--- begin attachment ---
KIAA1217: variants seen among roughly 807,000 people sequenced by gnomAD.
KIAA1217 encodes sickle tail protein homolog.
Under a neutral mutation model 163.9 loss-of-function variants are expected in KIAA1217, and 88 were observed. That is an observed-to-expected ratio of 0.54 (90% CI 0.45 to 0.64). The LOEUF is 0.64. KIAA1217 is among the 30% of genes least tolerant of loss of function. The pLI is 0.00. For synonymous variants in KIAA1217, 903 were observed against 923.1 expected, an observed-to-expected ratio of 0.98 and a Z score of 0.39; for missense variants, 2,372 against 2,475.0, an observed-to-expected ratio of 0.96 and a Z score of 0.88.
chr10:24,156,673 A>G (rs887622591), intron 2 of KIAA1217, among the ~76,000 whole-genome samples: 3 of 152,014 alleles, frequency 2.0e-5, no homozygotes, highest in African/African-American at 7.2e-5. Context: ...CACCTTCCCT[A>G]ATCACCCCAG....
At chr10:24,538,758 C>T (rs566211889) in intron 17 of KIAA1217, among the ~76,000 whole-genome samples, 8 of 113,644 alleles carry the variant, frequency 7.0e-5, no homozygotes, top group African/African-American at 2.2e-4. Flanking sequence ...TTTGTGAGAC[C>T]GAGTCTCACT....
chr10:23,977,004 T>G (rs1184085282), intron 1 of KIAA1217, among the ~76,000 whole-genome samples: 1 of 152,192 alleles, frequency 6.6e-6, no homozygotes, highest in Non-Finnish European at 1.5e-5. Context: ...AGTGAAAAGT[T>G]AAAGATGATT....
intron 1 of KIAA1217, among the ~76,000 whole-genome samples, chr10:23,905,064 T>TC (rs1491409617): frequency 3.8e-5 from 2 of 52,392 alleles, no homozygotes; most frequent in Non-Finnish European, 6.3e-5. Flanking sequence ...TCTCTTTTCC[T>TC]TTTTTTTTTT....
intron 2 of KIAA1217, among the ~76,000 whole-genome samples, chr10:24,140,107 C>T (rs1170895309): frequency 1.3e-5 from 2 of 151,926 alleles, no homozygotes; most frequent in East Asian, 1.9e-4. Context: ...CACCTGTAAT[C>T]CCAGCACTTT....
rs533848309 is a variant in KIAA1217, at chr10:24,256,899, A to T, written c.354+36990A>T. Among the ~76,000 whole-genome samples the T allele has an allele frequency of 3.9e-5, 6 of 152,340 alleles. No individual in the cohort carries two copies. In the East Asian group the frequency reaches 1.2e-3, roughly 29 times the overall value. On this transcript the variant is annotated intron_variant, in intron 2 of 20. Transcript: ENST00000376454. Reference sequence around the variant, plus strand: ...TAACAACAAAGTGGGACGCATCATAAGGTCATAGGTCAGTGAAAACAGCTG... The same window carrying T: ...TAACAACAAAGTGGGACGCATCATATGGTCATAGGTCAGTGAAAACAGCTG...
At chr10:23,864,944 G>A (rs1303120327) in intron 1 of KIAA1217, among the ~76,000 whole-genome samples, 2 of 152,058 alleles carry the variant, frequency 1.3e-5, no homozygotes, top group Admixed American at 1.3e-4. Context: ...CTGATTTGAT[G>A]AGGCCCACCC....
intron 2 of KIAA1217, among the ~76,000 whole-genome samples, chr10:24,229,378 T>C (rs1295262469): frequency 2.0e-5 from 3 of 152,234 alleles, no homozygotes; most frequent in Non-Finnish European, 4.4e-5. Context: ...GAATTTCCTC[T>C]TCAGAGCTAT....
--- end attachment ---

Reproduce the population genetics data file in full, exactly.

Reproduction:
KIAA1217: variants seen among roughly 807,000 people sequenced by gnomAD.
KIAA1217 encodes sickle tail protein homolog.
Under a neutral mutation model 163.9 loss-of-function variants are expected in KIAA1217, and 88 were observed. That is an observed-to-expected ratio of 0.54 (90% CI 0.45 to 0.64). The LOEUF is 0.64. KIAA1217 is among the 30% of genes least tolerant of loss of function. The pLI is 0.00. For synonymous variants in KIAA1217, 903 were observed against 923.1 expected, an observed-to-expected ratio of 0.98 and a Z score of 0.39; for missense variants, 2,372 against 2,475.0, an observed-to-expected ratio of 0.96 and a Z score of 0.88.
chr10:24,156,673 A>G (rs887622591), intron 2 of KIAA1217, among the ~76,000 whole-genome samples: 3 of 152,014 alleles, frequency 2.0e-5, no homozygotes, highest in African/African-American at 7.2e-5. Context: ...CACCTTCCCT[A>G]ATCACCCCAG....
At chr10:24,538,758 C>T (rs566211889) in intron 17 of KIAA1217, among the ~76,000 whole-genome samples, 8 of 113,644 alleles carry the variant, frequency 7.0e-5, no homozygotes, top group African/African-American at 2.2e-4. Flanking sequence ...TTTGTGAGAC[C>T]GAGTCTCACT....
chr10:23,977,004 T>G (rs1184085282), intron 1 of KIAA1217, among the ~76,000 whole-genome samples: 1 of 152,192 alleles, frequency 6.6e-6, no homozygotes, highest in Non-Finnish European at 1.5e-5. Context: ...AGTGAAAAGT[T>G]AAAGATGATT....
intron 1 of KIAA1217, among the ~76,000 whole-genome samples, chr10:23,905,064 T>TC (rs1491409617): frequency 3.8e-5 from 2 of 52,392 alleles, no homozygotes; most frequent in Non-Finnish European, 6.3e-5. Flanking sequence ...TCTCTTTTCC[T>TC]TTTTTTTTTT....
intron 2 of KIAA1217, among the ~76,000 whole-genome samples, chr10:24,140,107 C>T (rs1170895309): frequency 1.3e-5 from 2 of 151,926 alleles, no homozygotes; most frequent in East Asian, 1.9e-4. Context: ...CACCTGTAAT[C>T]CCAGCACTTT....
rs533848309 is a variant in KIAA1217, at chr10:24,256,899, A to T, written c.354+36990A>T. Among the ~76,000 whole-genome samples the T allele has an allele frequency of 3.9e-5, 6 of 152,340 alleles. No individual in the cohort carries two copies. In the East Asian group the frequency reaches 1.2e-3, roughly 29 times the overall value. On this transcript the variant is annotated intron_variant, in intron 2 of 20. Transcript: ENST00000376454. Reference sequence around the variant, plus strand: ...TAACAACAAAGTGGGACGCATCATAAGGTCATAGGTCAGTGAAAACAGCTG... The same window carrying T: ...TAACAACAAAGTGGGACGCATCATATGGTCATAGGTCAGTGAAAACAGCTG...
At chr10:23,864,944 G>A (rs1303120327) in intron 1 of KIAA1217, among the ~76,000 whole-genome samples, 2 of 152,058 alleles carry the variant, frequency 1.3e-5, no homozygotes, top group Admixed American at 1.3e-4. Context: ...CTGATTTGAT[G>A]AGGCCCACCC....
intron 2 of KIAA1217, among the ~76,000 whole-genome samples, chr10:24,229,378 T>C (rs1295262469): frequency 2.0e-5 from 3 of 152,234 alleles, no homozygotes; most frequent in Non-Finnish European, 4.4e-5. Context: ...GAATTTCCTC[T>C]TCAGAGCTAT....